Guest poem suggested by Stefan Bartels, and submitted with commentary by Rupindar Millington , as part of our continuing theme on the heat of summer:
(Poem #1896) Mad Dogs and Englishmen
In tropical climes there are certain times of day When all the citizens retire to tear their clothes off and perspire. It's one of the rules that the greatest fools obey, Because the sun is much too sultry And one must avoid its ultry-violet ray. The natives grieve when the white men leave their huts, Because they're obviously, definitely nuts! Mad dogs and Englishmen go out in the midday sun, The Japanese don´t care to, the Chinese wouldn´t dare to, Hindus and Argentines sleep firmly from twelve to one But Englishmen detest-a siesta. In the Philippines they have lovely screens to protect you from the glare. In the Malay States, there are hats like plates which the Britishers won't wear. At twelve noon the natives swoon and no further work is done, But mad dogs and Englishmen go out in the midday sun. It's such a surprise for the Eastern eyes to see, That though the English are effete, they're quite impervious to heat, When the white man rides every native hides in glee, Because the simple creatures hope he will impale his solar topee on a tree. It seems such a shame when the English claim the earth, They give rise to such hilarity and mirth. Ha ha ha ha hoo hoo hoo hoo hee hee hee hee ...... Mad dogs and Englishmen go out in the midday sun. The toughest Burmese bandit can never understand it. In Rangoon the heat of noon is just what the natives shun, They put their Scotch or Rye down, and lie down. In a jungle town where the sun beats down to the rage of man and beast The English garb of the English sahib merely gets a bit more creased. In Bangkok at twelve o'clock they foam at the mouth and run, But mad dogs and Englishmen go out in the midday sun. Mad dogs and Englishmen go out in the midday sun. The smallest Malay rabbit deplores this foolish habit. In Hong Kong they strike a gong and fire off a noonday gun, To reprimand each inmate who's in late. In the mangrove swamps where the python romps There is peace from twelve till two. Even caribous lie around and snooze, for there's nothing else to do. In Bengal to move at all is seldom ever done, But mad dogs and Englishmen go out in the midday sun.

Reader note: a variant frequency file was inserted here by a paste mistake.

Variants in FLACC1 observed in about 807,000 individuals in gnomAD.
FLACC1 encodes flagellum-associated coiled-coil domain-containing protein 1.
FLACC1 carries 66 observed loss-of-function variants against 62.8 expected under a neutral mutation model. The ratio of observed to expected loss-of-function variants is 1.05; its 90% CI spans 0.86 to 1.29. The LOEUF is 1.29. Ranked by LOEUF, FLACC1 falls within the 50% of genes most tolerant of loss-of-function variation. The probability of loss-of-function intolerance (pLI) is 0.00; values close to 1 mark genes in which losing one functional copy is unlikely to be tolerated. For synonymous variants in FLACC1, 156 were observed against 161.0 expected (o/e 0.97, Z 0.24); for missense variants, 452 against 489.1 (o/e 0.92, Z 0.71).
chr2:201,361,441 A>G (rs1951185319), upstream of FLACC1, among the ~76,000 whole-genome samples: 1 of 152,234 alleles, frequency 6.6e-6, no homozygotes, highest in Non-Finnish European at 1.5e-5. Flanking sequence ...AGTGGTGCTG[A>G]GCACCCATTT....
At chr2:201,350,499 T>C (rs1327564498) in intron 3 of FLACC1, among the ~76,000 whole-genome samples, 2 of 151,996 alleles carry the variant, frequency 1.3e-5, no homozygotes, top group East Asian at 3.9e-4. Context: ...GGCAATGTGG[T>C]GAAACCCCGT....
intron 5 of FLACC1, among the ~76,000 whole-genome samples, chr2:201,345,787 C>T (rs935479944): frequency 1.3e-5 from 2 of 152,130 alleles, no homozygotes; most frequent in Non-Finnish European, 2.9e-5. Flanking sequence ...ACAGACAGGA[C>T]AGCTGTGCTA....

This week's theme of Summer Heat made me recall this classic song.... very topical in my household. I'm a BBI (British born Indian) or some might say a BBCD (British born confused Desi) married to an Englishman. There has been a heatwave in the UK and I've been telling my son that "only mad dogs and Englishmen go out in the midday sun" in a bid to stop him emulating the football world cup antics. He thought it was an Indian saying so I retrieved the CD and played it to him :-). I particularly like the lines... It's such a surprise for the Eastern eyes to see, That though the English are effete, they're quite impervious to heat, ...so untrue having witnessed my husband suffering from sunstroke many times!! The song gives a quick snapshot of what the Bristish colonial masters were like. It's a tongue-n-cheek ditty of the British colonial mentality, written in 1932 by perhaps Britain's finest wit, composer Noel Coward. You've got to hear the song to fully appreciate the era in which it was written. I think Noel Coward spent some time in Malaysia; I suggest you find out more by visiting: http://www.noelcoward.net/html/whoisnc.html Enjoy! Rupindar Millington.